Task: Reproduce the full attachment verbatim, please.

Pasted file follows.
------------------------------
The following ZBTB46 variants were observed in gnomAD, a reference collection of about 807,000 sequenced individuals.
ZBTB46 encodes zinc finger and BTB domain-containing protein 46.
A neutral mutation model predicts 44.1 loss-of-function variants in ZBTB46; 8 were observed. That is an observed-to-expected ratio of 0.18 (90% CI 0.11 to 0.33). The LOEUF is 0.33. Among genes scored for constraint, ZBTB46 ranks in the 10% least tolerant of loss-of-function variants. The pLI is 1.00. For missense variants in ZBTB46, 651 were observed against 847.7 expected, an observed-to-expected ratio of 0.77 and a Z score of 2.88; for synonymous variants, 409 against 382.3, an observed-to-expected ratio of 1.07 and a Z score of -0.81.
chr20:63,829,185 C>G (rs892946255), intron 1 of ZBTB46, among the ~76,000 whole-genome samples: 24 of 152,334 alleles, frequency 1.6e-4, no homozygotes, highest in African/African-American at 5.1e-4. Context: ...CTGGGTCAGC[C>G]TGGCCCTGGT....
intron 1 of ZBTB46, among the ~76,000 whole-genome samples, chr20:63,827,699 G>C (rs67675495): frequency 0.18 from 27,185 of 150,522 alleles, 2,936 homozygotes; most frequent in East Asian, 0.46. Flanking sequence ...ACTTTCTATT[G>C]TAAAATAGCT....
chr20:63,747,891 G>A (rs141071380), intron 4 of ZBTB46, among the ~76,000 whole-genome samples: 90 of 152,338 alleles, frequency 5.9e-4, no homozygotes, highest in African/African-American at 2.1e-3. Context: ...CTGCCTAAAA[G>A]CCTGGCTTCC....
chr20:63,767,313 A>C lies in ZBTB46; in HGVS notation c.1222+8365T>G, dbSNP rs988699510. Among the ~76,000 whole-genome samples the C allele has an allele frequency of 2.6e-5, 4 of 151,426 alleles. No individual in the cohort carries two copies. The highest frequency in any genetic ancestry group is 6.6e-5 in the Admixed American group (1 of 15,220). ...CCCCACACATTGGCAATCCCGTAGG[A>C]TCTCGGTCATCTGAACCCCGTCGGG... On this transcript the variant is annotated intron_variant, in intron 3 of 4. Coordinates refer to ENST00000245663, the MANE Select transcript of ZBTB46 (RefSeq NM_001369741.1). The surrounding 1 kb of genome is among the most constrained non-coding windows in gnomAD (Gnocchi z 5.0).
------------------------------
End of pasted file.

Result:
The following ZBTB46 variants were observed in gnomAD, a reference collection of about 807,000 sequenced individuals.
ZBTB46 encodes zinc finger and BTB domain-containing protein 46.
A neutral mutation model predicts 44.1 loss-of-function variants in ZBTB46; 8 were observed. That is an observed-to-expected ratio of 0.18 (90% CI 0.11 to 0.33). The LOEUF is 0.33. Among genes scored for constraint, ZBTB46 ranks in the 10% least tolerant of loss-of-function variants. The pLI is 1.00. For missense variants in ZBTB46, 651 were observed against 847.7 expected, an observed-to-expected ratio of 0.77 and a Z score of 2.88; for synonymous variants, 409 against 382.3, an observed-to-expected ratio of 1.07 and a Z score of -0.81.
chr20:63,829,185 C>G (rs892946255), intron 1 of ZBTB46, among the ~76,000 whole-genome samples: 24 of 152,334 alleles, frequency 1.6e-4, no homozygotes, highest in African/African-American at 5.1e-4. Context: ...CTGGGTCAGC[C>G]TGGCCCTGGT....
intron 1 of ZBTB46, among the ~76,000 whole-genome samples, chr20:63,827,699 G>C (rs67675495): frequency 0.18 from 27,185 of 150,522 alleles, 2,936 homozygotes; most frequent in East Asian, 0.46. Flanking sequence ...ACTTTCTATT[G>C]TAAAATAGCT....
chr20:63,747,891 G>A (rs141071380), intron 4 of ZBTB46, among the ~76,000 whole-genome samples: 90 of 152,338 alleles, frequency 5.9e-4, no homozygotes, highest in African/African-American at 2.1e-3. Context: ...CTGCCTAAAA[G>A]CCTGGCTTCC....
chr20:63,767,313 A>C lies in ZBTB46; in HGVS notation c.1222+8365T>G, dbSNP rs988699510. Among the ~76,000 whole-genome samples the C allele has an allele frequency of 2.6e-5, 4 of 151,426 alleles. No individual in the cohort carries two copies. The highest frequency in any genetic ancestry group is 6.6e-5 in the Admixed American group (1 of 15,220). ...CCCCACACATTGGCAATCCCGTAGG[A>C]TCTCGGTCATCTGAACCCCGTCGGG... On this transcript the variant is annotated intron_variant, in intron 3 of 4. Coordinates refer to ENST00000245663, the MANE Select transcript of ZBTB46 (RefSeq NM_001369741.1). The surrounding 1 kb of genome is among the most constrained non-coding windows in gnomAD (Gnocchi z 5.0).